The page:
In Figure 6 we show the distribution of seismic rate and potential magnitudes in the elements of the LDF model: lineaments, domains and potential focal sources. All lineaments whose potential magnitude exceeds the Mmax under consideration are summed. For example, for the magnitude range DM=6.0¸ 8.5 the total length of the M=6.0± 0.2 lineaments also includes the length of all M³7.0± 0.2 lineaments. Domain parameterization proceeds in a simpler way, by constructing recurrence curves based on a sample of the regional catalog for each domain. The logarithmic regressions curves are almost always linear in the low magnitude range of the domains (M=4 to 6), in contrast to segments where high magnitude events are involved (cfr. Figure 4).

Potential sources of high magnitudes are most frequently related to seismic lineaments. This determines the technique to be employed for their seismological parameterization. However, since potential sources are expected to also generate earthquakes with a fixed Mmax, the length of potentially hazardous segments is taken into account only when the total seismicity is rearranged among lineaments of the same rank only. The value of Mmax for potential sources may equal or exceed the Mmax of the corresponding lineament.

The role of potential sources remains significant, because on these segments the flow of seismic events with Mmax, hence the seismic hazard, increases due to the activity of the source itself and to the activity of the corresponding lineament segment. Taking into account migration along lineaments and the previous history of seismic events in a potential source, one can accordingly increase (or diminish) the estimated probability of a next earthquake occurring at the source, by superposing several segments or leaving a gap at a given location on the main lineament.

In Figure 7 we show the Seismic Source Zones of Northern Eurasia, including the lineaments of the LDF model (the continuous lines represent lineaments of decreasing magnitude rank), the domain component (thin lines mark conventional boundaries between domains having different seismicity behaviors) and the potential sources of the LDF model (the segments of potential earthquake sources with M=7.0-7.5 were determined only for the Northern Caucasus, Central Asia and Altay-Saiany regions, on the basis of pattern recognition analysis data by Reissner and of the inter-epicentral distance analysis by Ulomov). In total, 580 lineaments with M³6.0 were identified for Northern Eurasia (on a scale 1:2,500,000), including more than 1000 segments, 442 domains with M£5.5 and 11 potential foci with M=7.0-7.5. We also estimated the statistical deviation of the earthquake locations and magnitudes from the values expected from the LDF model.

Figure 8 illustrates an example of synthetic seismicity for the Crimea-Caucasus-Kopetdagh GSHAP test area, generated for a long interval of time (50 thousands of years) by propagating the long-term average seismic rate in the region as modeled by the LDF model. The scatter of smaller earthquakes out of the lineaments ensures a smooth transition from the rigid lineament structure to domains with distributed, smaller seismicity. Each single earthquake source is modeled by a rectangle with length scaled to magnitude and geographical scale and width accounting for the inclination of the lineament to the surface. Macroseismic epicentres (the centers of the rectangles) are distributed evenly along the lineaments, so that finite sources may stretch out of the lineament by up to half of their lengths, and are distributed normally across lineaments, with variance depending on magnitude rank.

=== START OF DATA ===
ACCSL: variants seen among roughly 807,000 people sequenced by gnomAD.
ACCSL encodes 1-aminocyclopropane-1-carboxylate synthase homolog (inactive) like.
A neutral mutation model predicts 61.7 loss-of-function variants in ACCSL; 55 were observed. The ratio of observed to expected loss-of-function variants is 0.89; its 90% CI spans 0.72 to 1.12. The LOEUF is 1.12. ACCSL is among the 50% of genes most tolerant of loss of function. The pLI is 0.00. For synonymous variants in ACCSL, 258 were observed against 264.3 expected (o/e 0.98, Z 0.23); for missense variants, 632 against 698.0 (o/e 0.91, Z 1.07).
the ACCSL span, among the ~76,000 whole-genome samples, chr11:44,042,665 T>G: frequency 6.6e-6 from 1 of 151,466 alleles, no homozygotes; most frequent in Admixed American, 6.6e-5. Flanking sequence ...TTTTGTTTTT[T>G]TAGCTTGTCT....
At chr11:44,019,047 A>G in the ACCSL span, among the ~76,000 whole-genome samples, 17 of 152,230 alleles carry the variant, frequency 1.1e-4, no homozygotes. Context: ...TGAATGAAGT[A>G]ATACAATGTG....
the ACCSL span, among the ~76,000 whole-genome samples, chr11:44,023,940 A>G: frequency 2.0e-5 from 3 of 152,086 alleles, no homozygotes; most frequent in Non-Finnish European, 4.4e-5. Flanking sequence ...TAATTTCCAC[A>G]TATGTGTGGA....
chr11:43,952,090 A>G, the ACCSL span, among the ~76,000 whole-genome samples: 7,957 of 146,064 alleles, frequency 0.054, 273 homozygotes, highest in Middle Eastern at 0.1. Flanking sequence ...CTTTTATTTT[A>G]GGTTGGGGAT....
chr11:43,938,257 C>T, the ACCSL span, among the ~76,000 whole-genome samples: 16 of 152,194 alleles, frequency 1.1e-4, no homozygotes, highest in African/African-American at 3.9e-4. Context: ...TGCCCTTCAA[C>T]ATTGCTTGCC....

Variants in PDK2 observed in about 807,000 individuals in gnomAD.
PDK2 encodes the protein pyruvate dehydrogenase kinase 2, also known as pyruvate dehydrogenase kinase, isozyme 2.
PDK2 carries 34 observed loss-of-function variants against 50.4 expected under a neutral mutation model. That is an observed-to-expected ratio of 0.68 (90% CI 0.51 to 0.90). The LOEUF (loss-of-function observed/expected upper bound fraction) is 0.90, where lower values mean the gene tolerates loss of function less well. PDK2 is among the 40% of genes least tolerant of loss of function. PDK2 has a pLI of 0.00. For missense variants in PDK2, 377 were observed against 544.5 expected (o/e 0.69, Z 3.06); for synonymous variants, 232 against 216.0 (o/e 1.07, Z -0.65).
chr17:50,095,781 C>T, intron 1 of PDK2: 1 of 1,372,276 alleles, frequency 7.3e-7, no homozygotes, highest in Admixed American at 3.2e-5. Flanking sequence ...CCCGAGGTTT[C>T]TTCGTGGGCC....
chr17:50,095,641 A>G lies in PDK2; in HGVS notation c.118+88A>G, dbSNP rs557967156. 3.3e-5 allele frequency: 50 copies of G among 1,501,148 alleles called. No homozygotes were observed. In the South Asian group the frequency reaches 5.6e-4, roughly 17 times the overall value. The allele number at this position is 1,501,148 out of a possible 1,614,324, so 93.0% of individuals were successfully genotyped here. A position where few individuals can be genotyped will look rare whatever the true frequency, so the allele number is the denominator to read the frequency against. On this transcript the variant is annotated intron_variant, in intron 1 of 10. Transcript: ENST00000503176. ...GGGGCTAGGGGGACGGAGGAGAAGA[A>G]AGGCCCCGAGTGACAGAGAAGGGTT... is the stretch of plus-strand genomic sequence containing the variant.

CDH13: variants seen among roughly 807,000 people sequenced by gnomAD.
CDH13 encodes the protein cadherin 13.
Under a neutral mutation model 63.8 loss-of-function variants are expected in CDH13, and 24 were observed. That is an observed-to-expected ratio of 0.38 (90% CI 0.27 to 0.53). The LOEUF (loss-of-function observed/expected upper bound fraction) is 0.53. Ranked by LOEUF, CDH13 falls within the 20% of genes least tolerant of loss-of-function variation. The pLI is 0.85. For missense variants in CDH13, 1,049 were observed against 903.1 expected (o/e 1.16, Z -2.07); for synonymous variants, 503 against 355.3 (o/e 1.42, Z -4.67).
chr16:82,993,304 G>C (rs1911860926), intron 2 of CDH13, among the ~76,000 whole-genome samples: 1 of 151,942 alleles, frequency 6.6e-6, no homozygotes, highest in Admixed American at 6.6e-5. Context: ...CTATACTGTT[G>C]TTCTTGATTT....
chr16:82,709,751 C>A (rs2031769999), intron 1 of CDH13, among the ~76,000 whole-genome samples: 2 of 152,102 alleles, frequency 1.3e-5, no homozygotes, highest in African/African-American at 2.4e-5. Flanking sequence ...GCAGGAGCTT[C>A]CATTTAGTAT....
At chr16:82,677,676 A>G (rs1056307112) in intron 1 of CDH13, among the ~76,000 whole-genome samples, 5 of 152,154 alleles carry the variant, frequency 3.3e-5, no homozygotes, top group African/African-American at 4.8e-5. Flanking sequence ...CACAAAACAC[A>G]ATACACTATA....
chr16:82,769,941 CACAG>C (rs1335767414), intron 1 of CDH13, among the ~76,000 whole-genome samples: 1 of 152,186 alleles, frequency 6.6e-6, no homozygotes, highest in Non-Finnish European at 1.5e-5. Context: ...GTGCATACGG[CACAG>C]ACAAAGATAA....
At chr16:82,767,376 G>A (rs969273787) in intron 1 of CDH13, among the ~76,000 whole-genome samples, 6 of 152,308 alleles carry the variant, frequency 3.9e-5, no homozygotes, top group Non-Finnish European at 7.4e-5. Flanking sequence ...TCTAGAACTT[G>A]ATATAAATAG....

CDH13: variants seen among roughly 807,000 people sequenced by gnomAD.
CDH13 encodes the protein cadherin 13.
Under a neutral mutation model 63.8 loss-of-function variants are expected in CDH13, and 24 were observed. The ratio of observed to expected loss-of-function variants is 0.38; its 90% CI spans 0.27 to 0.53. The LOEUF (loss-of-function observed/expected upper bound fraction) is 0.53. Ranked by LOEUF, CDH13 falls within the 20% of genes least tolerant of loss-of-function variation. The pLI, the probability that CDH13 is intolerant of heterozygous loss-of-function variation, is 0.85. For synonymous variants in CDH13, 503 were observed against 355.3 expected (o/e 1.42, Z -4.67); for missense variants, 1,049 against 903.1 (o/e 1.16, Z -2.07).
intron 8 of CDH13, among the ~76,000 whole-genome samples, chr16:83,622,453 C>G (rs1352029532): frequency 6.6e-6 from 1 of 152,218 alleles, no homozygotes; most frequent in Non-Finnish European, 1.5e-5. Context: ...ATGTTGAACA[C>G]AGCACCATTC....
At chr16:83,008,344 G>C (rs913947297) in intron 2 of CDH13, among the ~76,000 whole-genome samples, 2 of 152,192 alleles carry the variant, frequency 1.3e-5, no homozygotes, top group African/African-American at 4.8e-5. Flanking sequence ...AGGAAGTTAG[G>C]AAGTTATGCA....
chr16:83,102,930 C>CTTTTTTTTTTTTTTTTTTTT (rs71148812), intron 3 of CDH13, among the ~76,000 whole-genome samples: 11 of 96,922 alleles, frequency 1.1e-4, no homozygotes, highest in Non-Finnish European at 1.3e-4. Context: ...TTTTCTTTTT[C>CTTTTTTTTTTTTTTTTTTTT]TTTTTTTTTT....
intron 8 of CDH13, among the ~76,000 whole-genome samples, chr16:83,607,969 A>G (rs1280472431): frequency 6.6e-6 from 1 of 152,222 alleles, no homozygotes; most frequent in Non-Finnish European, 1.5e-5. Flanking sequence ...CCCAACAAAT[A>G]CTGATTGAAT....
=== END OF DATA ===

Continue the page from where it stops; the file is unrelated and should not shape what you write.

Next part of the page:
The idea of modelling all seismicity only with homogeneous source zones with evenly scattered seismicity (our "domains") cannot be justified on physical grounds, since it does not preserve the physical understanding of the seismogenic potential of lineaments for high magnitude earthquakes. The domain model, however, needs to be used for smaller earthquakes, for lack of sufficient knowledge concerning the fine structure of the seismogenic structures. Our hybrid lineament-domain model of earthquake source zones satisfies both conditions.

Two more reasons exist not to replace entirely the lineament model by areal domains for seismic zoning purpose:

- the decreased area of the domains, irrespective of the dimensions of the rupture of large earthquakes, will result in an overestimate of the repeat times of large seismic events, hence in an underestimation of seismic hazard;

- the increased area of the domains capable of generating high magnitude earthquakes will make seismic zoning maps «fuzzy», and hence produce errors of the «false alarm» type.

The lineament-domain-focus model (LDF) for seismic source zones is free from these disadvantages, because it neatly differentiates the space-time-energy characteristics of regional seismicity and models the distribution of earthquakes for both high and moderate magnitudes.

Strong Ground Motion Relations

The Intensity-Distance-Magnitude relationship is modeled using a simple theoretical model calibrated using observed macroseismic data. At moderate distances, it coincides with the average relationships derived for the whole Northern Eurasia by Blake-Shebalin, while in the vicinity of the source this formula overestimates observed intensity. The model proposed by Gusev (1984) eliminates this problem and describes consistently the amplitude saturation near a fault. The elongated shape of the largest isoseismals is also modeled.